Friday, March 4, 2011, 8:25 AM

Not all fees are equal

Posted by: Chris Jones




In the world of consumer finance, not all fees are equal. Overdraft fees, payday loan fees, credit card fees, mortgage related fees and debit card fees are just a small handful of the types of fees that customers have historically paid. And, they are all considered relatively soft targets for law makers and regulators because, let's face it, no one likes paying fees. The Consumer Financial Protection Bureau is already taking aim at the "fee" related profit centers, and it doesn't even have oversight power yet.



However, lest we forget, major financial players are not the only ones issuing debit cards or charging related fees. Their availability is now ubiquitous, which means that curbing fees will hurt mid-market players like credit unions and community banks. Turns out though, even mid-market players have lobbying help. Thusly, as reported here, yesterday, William Cheney of the Credit Union National Association, appeared and testified before Congress regarding the impact that new Dodd-Frank regulations, including reductions in debit card fees, would have on what was characterized as a segment of the industry that serves 92 million Americans, and that had little to do with the financial crisis. A colleague, Gerber Federal Credit Union President John Buckley Jr., also testified. He explained that the debit card fee reductions would result in an annual $210,000 loss for Gerber Federal. Whether and to what extent $210,000 annually means more to Gerber Federal than repeated $2 or $3 debit card fee means to the average American is unclear.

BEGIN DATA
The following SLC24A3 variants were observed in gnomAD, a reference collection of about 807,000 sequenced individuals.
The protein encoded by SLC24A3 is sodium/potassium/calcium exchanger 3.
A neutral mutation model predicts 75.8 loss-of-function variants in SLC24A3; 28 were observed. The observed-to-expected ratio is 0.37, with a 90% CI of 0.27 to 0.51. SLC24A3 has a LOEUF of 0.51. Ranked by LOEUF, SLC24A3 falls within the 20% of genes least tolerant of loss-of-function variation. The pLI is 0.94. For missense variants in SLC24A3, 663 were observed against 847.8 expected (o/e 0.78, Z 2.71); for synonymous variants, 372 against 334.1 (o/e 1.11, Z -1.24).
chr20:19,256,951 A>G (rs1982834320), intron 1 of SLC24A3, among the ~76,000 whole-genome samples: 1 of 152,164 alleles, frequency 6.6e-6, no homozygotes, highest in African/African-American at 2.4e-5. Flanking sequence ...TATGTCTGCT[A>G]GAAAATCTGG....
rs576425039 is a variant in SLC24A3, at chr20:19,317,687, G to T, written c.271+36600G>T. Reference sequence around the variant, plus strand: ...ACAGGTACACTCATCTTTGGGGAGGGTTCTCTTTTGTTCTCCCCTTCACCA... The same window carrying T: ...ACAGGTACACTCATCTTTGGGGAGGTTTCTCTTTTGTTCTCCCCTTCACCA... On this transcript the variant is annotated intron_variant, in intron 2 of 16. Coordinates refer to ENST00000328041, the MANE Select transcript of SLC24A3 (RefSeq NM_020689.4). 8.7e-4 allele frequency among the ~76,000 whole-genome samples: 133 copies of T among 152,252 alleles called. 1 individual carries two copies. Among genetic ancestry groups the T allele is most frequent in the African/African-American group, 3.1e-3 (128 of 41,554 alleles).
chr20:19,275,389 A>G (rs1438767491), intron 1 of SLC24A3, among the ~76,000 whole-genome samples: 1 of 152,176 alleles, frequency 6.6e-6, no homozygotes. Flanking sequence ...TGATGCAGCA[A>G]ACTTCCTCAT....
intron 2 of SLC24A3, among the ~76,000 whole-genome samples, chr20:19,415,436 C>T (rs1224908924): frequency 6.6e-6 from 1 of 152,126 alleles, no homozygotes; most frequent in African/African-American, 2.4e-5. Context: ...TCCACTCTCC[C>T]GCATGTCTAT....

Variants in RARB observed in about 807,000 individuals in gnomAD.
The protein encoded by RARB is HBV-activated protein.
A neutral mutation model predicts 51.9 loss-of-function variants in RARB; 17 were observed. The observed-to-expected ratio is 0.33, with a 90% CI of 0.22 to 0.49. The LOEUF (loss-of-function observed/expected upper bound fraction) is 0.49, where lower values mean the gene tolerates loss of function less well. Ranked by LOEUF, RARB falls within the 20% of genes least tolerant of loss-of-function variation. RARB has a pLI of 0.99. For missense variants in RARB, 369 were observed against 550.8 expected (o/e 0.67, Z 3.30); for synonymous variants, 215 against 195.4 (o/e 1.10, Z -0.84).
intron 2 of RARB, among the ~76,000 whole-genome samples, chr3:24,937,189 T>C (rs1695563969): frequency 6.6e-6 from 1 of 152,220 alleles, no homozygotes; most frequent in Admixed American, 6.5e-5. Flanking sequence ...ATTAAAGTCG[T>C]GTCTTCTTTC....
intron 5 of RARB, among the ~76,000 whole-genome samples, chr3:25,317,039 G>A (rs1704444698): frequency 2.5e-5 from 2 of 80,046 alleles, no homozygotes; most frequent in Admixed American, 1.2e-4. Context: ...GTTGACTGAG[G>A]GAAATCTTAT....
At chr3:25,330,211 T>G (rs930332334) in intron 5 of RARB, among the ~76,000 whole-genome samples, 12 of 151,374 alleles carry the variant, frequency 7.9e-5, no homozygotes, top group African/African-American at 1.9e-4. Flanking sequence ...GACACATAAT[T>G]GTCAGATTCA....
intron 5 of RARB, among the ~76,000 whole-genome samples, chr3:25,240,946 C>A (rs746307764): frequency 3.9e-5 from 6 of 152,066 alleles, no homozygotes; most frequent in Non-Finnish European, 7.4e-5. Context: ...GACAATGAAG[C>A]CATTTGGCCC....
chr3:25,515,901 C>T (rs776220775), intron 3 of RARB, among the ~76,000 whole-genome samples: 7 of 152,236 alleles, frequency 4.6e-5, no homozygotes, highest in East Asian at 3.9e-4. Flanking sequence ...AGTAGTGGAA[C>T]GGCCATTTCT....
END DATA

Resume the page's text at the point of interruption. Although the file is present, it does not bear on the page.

Regardless, it is beyond reasonable dispute providing the convenience of debit cards is not free. There are associated costs, and why exactly is it wrong for provision of such a service to be a profit center? Customers are not forced to take or use debit cards, and certainly are not forced to withdraw cash from other bank's ATM machines. Can fees be high as a percentage of withdrawal? Sure. Depending upon the size of the withdrawal. Then again, there is no fee if one just goes to the bank, which was the only option until the 1990s.


Now, we aren't trying to pull a muscle racing to the defense of credit unions, however, it may be worthwhile to remember that debit cards are not a right. They are a service that customers choose to use. There are less expensive alternatives available. And, there is nothing complex, hidden, deceptive or secret about most or all of the fees attendant to the convenience of debit cards. When we are at ATM machines, we are forced to manually "accept" them. If we choose to punch the "yes" button instead of the "no" button, do we retain the right to later complain or demand that they be reduced?


There are many arenas within consumer finance in which there is a demonstrated need for protection, and we have a new 1200 person agency cranking itself up to do just that. But, should debit card fees really be a focus?


Heck, if a customer doesn't like debit card fees, then she can always go buy checks....oh, wait...




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